Colonial Williamsburg® The Colonial Williamsburg Foundation's Official History and Citizenship Website

Page content
Reset text sizeResize text larger

February 21, 2008

New folk art exhibition celebrates the vision of Lewis Miller

Museum guests of Colonial Williamsburg can explore glimpses of American life in the 1840s and 1850s at a new exhibition in the Abby Aldrich Rockefeller Folk Art Museum. “Scenes from Everyday Life: The Drawings of Lewis Miller” opens March 15.

Miller, a Pennsylvania house carpenter by trade, enjoyed opportunities to travel and kept illustrated accounts of places he visited.

Lewis Miller is best known today for his rare and incisive personal perspective illustrated by hundreds of his surviving watercolor sketches. He was the 10th and youngest child of German immigrants who settled in York, Pa. His father, a schoolmaster, provided Miller with a literary and classical education.

Although there is no evidence Miller had any formal training in art, his intricate drawings offer detailed portrayals of the places he visited and the people he encountered. His keen eye and interest in what he observed produced the splendid collection of watercolor-and-ink drawings in the exhibition. “Miller’s drawings are one of the best sources for truly understanding the past,” said Laura Pass Barry, Colonial Williamsburg’s associate curator of prints, maps and paintings. “Miller's observations of life's simple pleasures are recorded in his art. His drawings are rare survivals which document the ways ordinary 19th-century Americans spent their free time — travel to see relatives, a walk in the woods, or spending time with friends — timeless pursuits that we still enjoy today.”

“Scenes from Everyday Life: The Drawings of Lewis Miller” will be on view in The Mary B. and William Lehman Guyton Gallery through Jan. 2, 2009. Admission is by any Colonial Williamsburg admission ticket, Annual Museums Pass or Good Neighbor Card.

The Abby Aldrich Rockefeller Folk Art Museum is home to the nation’s premier collection of American folk art, comprising more than 5,000 folk art objects made in America during the 18th, 19th and 20th centuries and embracing most categories of American folk art by well-known folk artists.

Contained within the same facility since February 2007, the Museums of Colonial Williamsburg are comprised of the Abby Aldrich Rockefeller Folk Art Museum and the DeWitt Wallace Decorative Arts Museum. The Museums of Colonial Williamsburg are located at the intersection of Francis and South Henry Streets and are entered through the Public Hospital of 1773. Operating hours are 10 a.m. to 5 p.m. daily. For museum program information, telephone (757) 220-7724.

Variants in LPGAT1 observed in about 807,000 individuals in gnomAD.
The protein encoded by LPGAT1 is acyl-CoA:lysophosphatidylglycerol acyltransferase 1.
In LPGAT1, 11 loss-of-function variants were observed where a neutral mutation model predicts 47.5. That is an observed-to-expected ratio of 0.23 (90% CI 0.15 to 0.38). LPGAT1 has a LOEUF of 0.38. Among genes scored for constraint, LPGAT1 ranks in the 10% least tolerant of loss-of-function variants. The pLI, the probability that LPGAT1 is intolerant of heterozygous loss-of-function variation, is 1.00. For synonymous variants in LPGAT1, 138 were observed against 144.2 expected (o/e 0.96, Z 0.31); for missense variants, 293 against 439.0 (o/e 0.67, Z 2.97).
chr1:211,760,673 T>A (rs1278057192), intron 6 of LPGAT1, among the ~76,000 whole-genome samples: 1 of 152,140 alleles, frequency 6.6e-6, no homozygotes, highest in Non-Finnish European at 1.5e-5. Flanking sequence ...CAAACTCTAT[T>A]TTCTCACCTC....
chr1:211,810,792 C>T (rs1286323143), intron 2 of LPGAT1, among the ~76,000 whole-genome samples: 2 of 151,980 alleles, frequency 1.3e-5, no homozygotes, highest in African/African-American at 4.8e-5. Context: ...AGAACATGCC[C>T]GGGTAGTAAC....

Established in 1926, the Colonial Williamsburg Foundation is the not-for-profit educational institution that preserves and operates the restored 18th-century Revolutionary capital of Virginia as a town-sized living history museum, telling the inspirational stories of our nation’s founding men and women. Within the restored and reconstructed buildings, historic interpreters, attired as colonial men and women from slaves to shopkeepers to soldiers, relate stories of colonial Virginia society and culture — stories of our journey to become Americans – while historic tradespeople research, demonstrate and preserve the 18th-century world of work and industry. As Colonial Williamsburg interprets life in the time of the American Revolution for its guests, it also invites them to interact with history. “Revolutionary City®” a daily dramatic live street theatre presentation is a 2008 Rand McNally Best-of-the-Road™ Editor’s Pick. Williamsburg is located in Virginia’s Tidewater region, 20 minutes from Newport News, within an hour’s drive of Richmond and Norfolk, and 150 miles south of Washington D.C., off Interstate 64. For more information about Colonial Williamsburg, call 1-800-HISTORY or visit Colonial Williamsburg’s Web site at

Media Contact:
Jim Bradley
(757) 220-7281